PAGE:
Your dejected resident walks away from the patient’s bed to peek at the portable chest X-ray that was just taken.
“I can’t believe I missed that airway!” she says. “I haven’t had that happen in years!” You reiterate how difficult the airway was, and you compliment her on changing her approach between attempts.
“You know, Richard Branson once said, ‘Opportunities are like buses…there’s always another one coming’,” you say. “Why don’t you go see what the EMS call is all about?” Sure enough, the local flight crew is bringing in a 52-year-old male in respiratory distress. He is tachypneic and tachycardic and they are having a hard time getting a history from him. He was initially hypotensive, but his blood pressure has responded well to the liter of normal saline that they just infused. You have five minutes to get everything prepared.
In gearing up for a potentially tricky resuscitation, your once dejected resident is now full of energy. She organizes the troops, assigns roles, double checks all of her airway equipment, and prepares the ultrasound machine. The patient arrives a few minutes later and requires intubation. Like a pro, your superstar senior slides an 8.0 mm endotracheal tube gently through the vocal cords. As the RT’s hook the patient up to capnography, your resident attempts to auscultate for bilateral breath sounds.
“Something’s not right here,” she says. “I can’t hear any breath sounds on the left. I can’t even hear his heart sounds on that side.” Before you can even open your mouth to make the suggestion, she reaches for the ultrasound probe and begins scanning the patient’s chest.
With the phased array transducer, your resident takes a quick look at the patient’s heart in the parasternal long axis (Figure 1). She throws a quick smile your way, and says, “Looks like he’s going to need another procedure.” She obtains a few more views to confirm her findings and scurries off to grab the requisite supplies.
Figure 1: Parasternal long axis view of the heart (click on image to enlarge)
Dx: Large Pleural Effusion
Your resident comes back into the room with a chest tube tray and Pleurovac in hand. On the parasternal long axis view of the heart you see a large collection of anechoic fluid near the heart. Because it is lying behind the descending aorta, you know that the fluid is in the patient’s lung and not around his heart (Figure 2).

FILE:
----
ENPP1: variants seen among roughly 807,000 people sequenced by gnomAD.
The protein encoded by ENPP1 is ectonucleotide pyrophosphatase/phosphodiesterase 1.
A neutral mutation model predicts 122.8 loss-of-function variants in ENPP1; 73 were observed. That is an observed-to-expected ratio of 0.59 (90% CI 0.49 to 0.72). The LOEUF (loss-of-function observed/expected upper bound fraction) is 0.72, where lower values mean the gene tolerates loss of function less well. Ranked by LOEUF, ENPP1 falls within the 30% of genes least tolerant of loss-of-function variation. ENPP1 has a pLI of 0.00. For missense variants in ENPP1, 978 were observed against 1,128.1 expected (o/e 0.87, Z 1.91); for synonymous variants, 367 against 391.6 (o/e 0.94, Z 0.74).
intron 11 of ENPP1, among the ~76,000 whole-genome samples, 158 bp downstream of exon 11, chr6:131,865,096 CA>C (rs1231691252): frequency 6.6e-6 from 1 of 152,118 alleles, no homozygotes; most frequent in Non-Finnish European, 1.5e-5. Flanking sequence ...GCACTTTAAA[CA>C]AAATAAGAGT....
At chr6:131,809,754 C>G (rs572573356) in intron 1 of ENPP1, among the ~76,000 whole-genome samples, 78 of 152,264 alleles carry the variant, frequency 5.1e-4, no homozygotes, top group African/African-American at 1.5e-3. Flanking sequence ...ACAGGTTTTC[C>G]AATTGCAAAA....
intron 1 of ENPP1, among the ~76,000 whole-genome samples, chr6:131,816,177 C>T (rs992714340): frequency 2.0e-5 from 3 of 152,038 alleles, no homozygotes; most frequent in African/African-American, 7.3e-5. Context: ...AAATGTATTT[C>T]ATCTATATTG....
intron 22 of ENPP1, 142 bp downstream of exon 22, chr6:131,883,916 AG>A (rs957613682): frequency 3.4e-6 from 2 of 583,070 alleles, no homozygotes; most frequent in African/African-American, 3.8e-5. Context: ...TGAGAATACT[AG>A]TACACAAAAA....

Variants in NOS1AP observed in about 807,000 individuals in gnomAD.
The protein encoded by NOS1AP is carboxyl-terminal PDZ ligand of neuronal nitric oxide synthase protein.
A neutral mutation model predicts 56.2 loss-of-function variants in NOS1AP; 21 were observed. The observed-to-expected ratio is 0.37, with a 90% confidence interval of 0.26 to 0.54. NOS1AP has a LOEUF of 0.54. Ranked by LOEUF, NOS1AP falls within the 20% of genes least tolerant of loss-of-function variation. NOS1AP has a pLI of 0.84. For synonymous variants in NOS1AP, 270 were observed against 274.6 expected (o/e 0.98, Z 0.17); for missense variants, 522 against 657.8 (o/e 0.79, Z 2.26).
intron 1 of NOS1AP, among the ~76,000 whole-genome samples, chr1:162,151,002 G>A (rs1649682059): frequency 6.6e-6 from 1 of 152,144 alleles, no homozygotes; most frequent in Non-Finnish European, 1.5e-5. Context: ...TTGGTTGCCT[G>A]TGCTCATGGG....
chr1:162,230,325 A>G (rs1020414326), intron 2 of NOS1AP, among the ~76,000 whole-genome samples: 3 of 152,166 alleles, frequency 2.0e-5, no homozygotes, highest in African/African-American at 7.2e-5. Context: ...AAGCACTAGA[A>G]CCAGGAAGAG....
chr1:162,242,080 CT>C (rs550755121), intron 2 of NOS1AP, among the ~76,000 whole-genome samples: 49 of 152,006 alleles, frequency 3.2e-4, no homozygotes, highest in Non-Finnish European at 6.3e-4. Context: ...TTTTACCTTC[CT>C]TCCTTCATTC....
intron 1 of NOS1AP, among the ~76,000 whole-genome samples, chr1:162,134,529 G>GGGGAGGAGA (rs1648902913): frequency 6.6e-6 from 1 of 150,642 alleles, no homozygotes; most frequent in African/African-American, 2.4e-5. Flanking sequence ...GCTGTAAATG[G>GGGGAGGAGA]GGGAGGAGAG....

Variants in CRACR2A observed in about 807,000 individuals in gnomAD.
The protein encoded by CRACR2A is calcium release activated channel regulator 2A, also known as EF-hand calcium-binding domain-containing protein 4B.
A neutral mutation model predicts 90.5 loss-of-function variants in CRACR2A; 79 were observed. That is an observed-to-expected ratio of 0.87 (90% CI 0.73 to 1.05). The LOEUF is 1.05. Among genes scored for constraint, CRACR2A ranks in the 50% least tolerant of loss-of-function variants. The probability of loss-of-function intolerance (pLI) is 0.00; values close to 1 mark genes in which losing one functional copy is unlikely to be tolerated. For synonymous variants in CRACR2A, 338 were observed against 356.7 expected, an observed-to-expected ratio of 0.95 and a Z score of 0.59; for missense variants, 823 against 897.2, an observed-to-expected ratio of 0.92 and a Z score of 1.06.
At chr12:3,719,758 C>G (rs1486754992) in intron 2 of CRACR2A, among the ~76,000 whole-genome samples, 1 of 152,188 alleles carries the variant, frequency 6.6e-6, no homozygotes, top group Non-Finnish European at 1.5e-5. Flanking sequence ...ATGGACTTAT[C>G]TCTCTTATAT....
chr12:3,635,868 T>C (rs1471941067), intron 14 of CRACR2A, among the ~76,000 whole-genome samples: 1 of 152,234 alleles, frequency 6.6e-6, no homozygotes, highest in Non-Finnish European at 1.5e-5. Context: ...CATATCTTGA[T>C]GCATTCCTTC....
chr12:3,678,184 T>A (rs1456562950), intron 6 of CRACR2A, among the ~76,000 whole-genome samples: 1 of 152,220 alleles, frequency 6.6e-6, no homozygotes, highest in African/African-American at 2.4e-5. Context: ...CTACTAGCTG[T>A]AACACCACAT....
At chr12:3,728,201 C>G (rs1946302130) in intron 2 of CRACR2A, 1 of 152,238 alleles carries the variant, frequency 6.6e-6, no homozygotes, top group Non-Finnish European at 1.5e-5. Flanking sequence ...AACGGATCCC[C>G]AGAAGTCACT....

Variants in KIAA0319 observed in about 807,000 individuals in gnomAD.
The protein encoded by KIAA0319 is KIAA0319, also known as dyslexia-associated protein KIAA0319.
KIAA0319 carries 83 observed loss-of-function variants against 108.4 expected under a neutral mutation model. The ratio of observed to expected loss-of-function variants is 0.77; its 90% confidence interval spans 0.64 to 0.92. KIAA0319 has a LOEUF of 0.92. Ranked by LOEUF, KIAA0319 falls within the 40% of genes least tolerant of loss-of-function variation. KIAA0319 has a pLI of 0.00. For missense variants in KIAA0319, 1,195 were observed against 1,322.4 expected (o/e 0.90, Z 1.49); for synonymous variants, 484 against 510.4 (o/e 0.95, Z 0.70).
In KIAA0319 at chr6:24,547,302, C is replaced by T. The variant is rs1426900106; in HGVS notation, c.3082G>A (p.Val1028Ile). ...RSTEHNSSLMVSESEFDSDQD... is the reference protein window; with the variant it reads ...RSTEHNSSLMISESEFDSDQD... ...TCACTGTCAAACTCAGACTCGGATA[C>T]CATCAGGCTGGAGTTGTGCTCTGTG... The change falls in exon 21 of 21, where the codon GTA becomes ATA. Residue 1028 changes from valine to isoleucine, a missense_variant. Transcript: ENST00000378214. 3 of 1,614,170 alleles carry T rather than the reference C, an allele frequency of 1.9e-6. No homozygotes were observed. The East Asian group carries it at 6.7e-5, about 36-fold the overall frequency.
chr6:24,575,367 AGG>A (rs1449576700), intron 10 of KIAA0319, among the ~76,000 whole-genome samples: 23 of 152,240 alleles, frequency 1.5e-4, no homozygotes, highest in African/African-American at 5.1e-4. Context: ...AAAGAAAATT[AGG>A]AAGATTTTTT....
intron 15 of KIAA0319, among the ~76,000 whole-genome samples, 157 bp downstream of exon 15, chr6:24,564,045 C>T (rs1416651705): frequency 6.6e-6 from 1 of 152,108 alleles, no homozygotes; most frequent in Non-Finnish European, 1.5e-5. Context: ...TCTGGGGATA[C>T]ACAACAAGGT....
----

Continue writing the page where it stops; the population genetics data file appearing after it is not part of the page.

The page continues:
Figure 2: RV = Right Ventricle, LA = Left Atrium,
Asc Aorta = Ascending Aorta, Ao = Descending Aorta (click on image to enlarge)
You help your resident prep the ultrasound machine so she can perform the procedure in a sterile fashion under dynamic ultrasound guidance. With your probe at T7 in the mid-axillary line, you and your resident visualize a large anechoic left pleural effusion above the diaphragm, cephalad to the spleen. You point out the hyperechoic visceral pleura floating in the pleural effusion so that your resident can avoid the lung parenchyma as she inserts the chest tube under ultrasound guidance (Figure 3).
Figure 3: Lung parenchyma floating in a large pleural effusion
Your resident successfully drains a liter of pleural fluid from the patient’s thorax and his blood pressure begins to improve. You put in an order for a delayed second chest X-ray to evaluate for re-expansion pulmonary edema and you pat your resident on the back for a job well done. With her newfound confidence and the trusty ultrasound machine in tow, she heads out toward the chart rack to see what other opportunities lie ahead.
1. Diagnostic ultrasound is 93% sensitive for pleural effusion (Lichenstein 2009) and sonographic evaluation of non-traumatic pleural effusions can change emergency physician treatment plans in 43% of cases (Tayal 2006)
2. Among other etiologies, pleural effusions can result from CHF, PE, ARDS, or pneumonia, and sonography can help distinguish each of these diagnoses (Volpicelli 2008, Copetti 2008) so don’t just focus on the effusion.
3. Ultrasound may someday play a role in timely out-of-hospital decision making by improving diagnostic accuracy (Lapostolle 2006).
4. Sonographic procedural guidance can enhance patient-safety in the hectic ED by reducing “wrong-sidedness” (Shapiro 2003) and by reducing iatrogenic pneumothorax (Feller-Kopman 2007)
5. Employing ultrasound in emergency practice can yield positive return-on-investment (i.e. become financially rewarding) within 5-years (Soremekun 2009).
Want to keep up with the literature on diagnostic
ultrasonography for free? Follow these easy steps:
a) Go to PUBMED: http://www.ncbi.nlm.nih.gov/pubmed
b) Select “Clinical Queries” (at the bottom under PUBMED tools) and then diagnosis broad/sensitive before entering a search for “pleural effusion”
c) Conduct another two searches: “ultrasonography” and “emergency”
d) Combine the clinical query search with the ultrasonography and emergency searches.
e) You can save your search to re-run periodically by signing up for an account on “My NCBI” http://www.ncbi.nlm.nih.gov/sites/myncbi
Don’t miss this feature ultrasound video